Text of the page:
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  • The challenge of education for social justice

    • Frank Brennan
    • 07 July 2015
    3 Comments

    I suspect Pope Francis had some of our Jesuit alumni in mind when he wrote in his encyclical Laudato Si: 'A politics concerned with immediate results, supported by consumerist sectors of the population, is driven to produce short-term growth... True statecraft is manifest when, in difficult times, we uphold high principles and think of the long-term common good. Political powers do not find it easy to assume this duty'.

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  • AUSTRALIA

    The pace of Muslim integration into Australian society

    • Andrew Hamilton
    • 01 July 2015
    18 Comments

    Against the background of Australia's migration history, we can see the importance of Muslim groups maintaining their own praying community and culture including the use of their native language of worship. This will inevitably change with successive generations, but the pace of this is a matter for the communities themselves. The most harmful thing native born Australians can do is to pressure migrants to abandon their cultural roots in order to fit our expectations and to placate our fears.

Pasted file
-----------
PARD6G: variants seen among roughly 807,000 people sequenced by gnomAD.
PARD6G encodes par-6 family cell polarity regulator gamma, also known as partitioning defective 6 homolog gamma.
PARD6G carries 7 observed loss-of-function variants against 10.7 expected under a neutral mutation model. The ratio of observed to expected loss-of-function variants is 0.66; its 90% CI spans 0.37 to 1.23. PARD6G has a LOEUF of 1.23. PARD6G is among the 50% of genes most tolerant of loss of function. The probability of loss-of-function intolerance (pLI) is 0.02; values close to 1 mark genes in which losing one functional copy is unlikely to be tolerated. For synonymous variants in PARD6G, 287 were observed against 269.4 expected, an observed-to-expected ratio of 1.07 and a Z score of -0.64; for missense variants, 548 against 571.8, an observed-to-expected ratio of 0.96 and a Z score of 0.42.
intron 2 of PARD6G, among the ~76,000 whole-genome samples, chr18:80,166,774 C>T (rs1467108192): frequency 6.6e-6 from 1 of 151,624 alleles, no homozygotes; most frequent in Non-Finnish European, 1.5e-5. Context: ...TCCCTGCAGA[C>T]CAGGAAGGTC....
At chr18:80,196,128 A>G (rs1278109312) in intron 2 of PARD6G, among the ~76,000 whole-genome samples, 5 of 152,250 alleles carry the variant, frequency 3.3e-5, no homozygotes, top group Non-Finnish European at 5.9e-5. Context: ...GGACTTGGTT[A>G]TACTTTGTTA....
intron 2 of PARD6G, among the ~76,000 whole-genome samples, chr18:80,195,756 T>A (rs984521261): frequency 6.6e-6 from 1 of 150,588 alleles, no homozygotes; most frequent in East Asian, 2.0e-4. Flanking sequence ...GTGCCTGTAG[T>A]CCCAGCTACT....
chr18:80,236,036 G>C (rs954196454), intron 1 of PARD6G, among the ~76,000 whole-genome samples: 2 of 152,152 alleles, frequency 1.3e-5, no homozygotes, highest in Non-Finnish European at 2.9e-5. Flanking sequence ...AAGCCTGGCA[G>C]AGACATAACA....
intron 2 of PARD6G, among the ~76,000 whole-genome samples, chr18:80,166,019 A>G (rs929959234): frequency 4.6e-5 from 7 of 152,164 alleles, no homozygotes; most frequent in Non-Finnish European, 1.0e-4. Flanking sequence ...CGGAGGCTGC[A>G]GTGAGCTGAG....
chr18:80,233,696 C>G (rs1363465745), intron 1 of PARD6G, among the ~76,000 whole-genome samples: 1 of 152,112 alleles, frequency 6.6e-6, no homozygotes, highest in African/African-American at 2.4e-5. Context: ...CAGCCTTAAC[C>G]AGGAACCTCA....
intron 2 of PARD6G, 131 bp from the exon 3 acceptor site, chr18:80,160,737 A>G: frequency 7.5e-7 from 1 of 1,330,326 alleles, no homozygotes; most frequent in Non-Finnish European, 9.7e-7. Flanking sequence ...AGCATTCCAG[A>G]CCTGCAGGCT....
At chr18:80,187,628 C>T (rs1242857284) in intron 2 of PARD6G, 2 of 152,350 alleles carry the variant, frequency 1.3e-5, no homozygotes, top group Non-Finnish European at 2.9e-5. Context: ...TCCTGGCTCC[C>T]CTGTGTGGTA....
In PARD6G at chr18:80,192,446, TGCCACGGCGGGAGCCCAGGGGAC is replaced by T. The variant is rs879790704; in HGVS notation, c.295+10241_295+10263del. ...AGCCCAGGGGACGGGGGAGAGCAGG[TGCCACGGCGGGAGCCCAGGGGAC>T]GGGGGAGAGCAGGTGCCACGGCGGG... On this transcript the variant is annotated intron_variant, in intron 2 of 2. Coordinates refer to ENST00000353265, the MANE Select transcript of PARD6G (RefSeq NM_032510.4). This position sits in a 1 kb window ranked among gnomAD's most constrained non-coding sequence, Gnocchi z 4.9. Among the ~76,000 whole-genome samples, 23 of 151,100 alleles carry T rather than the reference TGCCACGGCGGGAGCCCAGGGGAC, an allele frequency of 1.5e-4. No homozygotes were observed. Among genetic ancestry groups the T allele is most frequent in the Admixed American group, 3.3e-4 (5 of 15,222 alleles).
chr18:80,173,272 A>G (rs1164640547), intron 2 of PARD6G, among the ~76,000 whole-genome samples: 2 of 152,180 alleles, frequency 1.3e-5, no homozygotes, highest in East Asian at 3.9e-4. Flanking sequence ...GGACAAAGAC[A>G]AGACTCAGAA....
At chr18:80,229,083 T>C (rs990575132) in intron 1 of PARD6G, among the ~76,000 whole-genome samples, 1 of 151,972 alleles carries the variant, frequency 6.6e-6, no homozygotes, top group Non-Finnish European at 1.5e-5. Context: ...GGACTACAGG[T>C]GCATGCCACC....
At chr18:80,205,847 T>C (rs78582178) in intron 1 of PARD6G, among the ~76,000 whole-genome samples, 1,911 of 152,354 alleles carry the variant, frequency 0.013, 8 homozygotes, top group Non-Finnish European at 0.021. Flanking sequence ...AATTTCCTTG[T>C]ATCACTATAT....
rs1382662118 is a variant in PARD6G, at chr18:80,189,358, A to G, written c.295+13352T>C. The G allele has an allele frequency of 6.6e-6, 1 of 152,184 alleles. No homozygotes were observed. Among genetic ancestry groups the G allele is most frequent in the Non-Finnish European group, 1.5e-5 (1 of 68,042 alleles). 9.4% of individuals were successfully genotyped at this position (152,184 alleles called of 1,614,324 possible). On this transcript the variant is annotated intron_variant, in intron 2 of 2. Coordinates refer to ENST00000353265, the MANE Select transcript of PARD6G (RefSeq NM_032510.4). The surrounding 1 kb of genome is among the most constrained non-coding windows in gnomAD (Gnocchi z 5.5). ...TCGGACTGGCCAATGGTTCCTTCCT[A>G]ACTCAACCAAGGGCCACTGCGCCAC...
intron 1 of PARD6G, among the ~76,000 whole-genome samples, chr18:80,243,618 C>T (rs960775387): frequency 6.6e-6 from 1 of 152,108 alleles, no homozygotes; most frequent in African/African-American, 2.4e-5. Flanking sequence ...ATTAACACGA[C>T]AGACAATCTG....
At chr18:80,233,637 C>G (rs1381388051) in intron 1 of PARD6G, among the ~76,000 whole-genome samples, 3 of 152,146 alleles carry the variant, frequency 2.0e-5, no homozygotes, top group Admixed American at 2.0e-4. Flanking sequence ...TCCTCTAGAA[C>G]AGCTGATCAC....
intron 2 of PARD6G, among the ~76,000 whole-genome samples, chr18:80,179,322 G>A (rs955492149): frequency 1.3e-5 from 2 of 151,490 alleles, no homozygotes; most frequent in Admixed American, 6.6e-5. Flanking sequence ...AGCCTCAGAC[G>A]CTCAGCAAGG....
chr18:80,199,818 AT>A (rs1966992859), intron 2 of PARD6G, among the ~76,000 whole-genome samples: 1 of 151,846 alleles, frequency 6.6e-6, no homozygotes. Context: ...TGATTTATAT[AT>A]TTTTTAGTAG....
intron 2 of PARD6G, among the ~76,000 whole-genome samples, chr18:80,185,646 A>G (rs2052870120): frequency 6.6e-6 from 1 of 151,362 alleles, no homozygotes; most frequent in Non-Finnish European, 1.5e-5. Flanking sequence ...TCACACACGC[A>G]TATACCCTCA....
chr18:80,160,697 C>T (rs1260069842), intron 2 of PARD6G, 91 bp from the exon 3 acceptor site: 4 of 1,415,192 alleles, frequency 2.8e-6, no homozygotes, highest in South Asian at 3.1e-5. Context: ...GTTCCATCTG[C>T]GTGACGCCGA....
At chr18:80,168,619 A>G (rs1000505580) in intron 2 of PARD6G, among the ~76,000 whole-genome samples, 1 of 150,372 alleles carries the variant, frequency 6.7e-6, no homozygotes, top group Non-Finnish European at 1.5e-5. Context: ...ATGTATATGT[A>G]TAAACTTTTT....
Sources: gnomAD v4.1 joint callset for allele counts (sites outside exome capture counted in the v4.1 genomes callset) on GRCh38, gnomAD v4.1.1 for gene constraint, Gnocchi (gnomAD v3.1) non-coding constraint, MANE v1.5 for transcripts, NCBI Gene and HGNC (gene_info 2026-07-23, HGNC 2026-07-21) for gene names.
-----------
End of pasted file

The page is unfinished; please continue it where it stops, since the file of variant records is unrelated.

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  • Maintaining the humanity of the public square

    • Greg O'Kelly
    • 30 June 2015
    3 Comments

    The phrase 'the public square' is peppered throughout Frank Brennan's work. The 1988 film Cinema Paradiso depicts the public square in a Sicilian village over 30 or so years, and its slow and subtle change from a place where human beings gather to laugh, play and discuss. Billboards and garish signs appear and it becomes a car park bereft of its humanity.

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  • Ambassador of conscience